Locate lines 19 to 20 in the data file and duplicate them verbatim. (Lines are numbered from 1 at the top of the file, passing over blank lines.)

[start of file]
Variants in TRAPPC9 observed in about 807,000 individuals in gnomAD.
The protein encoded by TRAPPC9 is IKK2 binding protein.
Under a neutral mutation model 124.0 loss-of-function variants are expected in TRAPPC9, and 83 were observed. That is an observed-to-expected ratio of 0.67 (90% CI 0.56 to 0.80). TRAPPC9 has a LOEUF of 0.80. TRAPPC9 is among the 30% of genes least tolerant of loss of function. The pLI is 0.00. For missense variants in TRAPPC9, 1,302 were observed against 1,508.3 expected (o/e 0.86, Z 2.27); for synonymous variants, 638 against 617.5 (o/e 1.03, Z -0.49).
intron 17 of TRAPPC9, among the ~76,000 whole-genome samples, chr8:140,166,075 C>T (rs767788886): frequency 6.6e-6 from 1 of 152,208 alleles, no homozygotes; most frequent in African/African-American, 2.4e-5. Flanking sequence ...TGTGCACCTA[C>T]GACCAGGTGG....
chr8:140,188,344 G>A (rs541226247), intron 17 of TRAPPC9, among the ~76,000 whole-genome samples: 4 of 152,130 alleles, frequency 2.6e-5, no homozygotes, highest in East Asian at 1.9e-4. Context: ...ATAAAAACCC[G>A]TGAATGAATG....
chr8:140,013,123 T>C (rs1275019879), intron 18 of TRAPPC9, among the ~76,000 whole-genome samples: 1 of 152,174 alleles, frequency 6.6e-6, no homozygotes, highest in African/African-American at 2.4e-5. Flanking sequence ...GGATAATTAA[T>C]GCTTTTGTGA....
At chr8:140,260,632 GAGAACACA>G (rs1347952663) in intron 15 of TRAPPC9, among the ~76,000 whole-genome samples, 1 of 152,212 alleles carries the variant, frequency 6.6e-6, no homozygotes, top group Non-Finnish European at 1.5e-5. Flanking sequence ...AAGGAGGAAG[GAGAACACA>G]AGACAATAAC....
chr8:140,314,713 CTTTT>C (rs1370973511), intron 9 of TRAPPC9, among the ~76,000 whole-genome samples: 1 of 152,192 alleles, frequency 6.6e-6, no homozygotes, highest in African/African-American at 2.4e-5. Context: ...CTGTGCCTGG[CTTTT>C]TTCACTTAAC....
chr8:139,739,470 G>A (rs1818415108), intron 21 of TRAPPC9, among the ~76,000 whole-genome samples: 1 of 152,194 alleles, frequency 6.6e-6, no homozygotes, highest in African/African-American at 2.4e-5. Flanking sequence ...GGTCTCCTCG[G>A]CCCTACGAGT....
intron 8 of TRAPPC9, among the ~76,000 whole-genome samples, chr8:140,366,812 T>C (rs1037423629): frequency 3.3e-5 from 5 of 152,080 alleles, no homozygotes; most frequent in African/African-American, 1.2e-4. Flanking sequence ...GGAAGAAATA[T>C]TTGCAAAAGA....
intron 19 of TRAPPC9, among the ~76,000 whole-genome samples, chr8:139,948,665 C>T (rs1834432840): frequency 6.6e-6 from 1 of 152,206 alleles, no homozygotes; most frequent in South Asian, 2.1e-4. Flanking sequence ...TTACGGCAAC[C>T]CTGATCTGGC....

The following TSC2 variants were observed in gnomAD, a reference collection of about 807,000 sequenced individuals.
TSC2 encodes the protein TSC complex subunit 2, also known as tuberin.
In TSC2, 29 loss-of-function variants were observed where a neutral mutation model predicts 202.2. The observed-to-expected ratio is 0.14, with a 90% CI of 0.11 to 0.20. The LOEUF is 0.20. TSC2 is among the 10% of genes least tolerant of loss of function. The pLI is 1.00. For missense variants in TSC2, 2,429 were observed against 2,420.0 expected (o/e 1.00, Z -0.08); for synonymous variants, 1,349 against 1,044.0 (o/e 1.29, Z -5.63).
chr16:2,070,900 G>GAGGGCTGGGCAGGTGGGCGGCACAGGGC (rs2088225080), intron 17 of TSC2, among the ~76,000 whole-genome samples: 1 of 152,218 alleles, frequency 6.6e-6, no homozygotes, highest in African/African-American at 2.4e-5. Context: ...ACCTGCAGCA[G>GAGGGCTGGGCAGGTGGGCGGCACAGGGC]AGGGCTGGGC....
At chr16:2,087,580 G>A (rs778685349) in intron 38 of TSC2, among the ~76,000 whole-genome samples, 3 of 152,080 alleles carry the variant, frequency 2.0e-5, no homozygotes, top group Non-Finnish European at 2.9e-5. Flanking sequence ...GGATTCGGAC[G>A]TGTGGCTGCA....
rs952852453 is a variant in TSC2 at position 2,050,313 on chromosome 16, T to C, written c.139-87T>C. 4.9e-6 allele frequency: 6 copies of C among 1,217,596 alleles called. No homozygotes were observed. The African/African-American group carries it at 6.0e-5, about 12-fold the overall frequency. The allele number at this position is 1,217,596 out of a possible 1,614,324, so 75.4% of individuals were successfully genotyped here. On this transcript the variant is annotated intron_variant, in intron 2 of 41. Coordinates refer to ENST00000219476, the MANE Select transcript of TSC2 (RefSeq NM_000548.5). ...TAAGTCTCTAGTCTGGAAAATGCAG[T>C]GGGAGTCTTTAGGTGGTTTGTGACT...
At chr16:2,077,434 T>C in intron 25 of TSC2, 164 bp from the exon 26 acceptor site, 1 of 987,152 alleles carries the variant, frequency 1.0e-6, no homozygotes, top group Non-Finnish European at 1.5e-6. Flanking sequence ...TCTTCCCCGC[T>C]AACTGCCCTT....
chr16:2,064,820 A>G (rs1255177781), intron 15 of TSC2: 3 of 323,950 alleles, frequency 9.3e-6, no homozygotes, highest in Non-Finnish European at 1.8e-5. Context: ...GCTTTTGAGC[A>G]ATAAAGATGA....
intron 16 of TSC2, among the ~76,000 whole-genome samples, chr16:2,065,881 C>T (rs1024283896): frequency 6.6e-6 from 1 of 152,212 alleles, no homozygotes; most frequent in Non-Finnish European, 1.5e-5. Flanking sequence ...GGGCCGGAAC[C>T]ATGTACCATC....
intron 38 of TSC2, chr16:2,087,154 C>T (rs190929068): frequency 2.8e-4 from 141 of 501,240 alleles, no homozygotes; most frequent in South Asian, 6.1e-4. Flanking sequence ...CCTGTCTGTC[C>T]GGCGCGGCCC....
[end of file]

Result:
chr16:2,064,820 A>G (rs1255177781), intron 15 of TSC2: 3 of 323,950 alleles, frequency 9.3e-6, no homozygotes, highest in Non-Finnish European at 1.8e-5. Context: ...GCTTTTGAGC[A>G]ATAAAGATGA....
intron 16 of TSC2, among the ~76,000 whole-genome samples, chr16:2,065,881 C>T (rs1024283896): frequency 6.6e-6 from 1 of 152,212 alleles, no homozygotes; most frequent in Non-Finnish European, 1.5e-5. Flanking sequence ...GGGCCGGAAC[C>T]ATGTACCATC....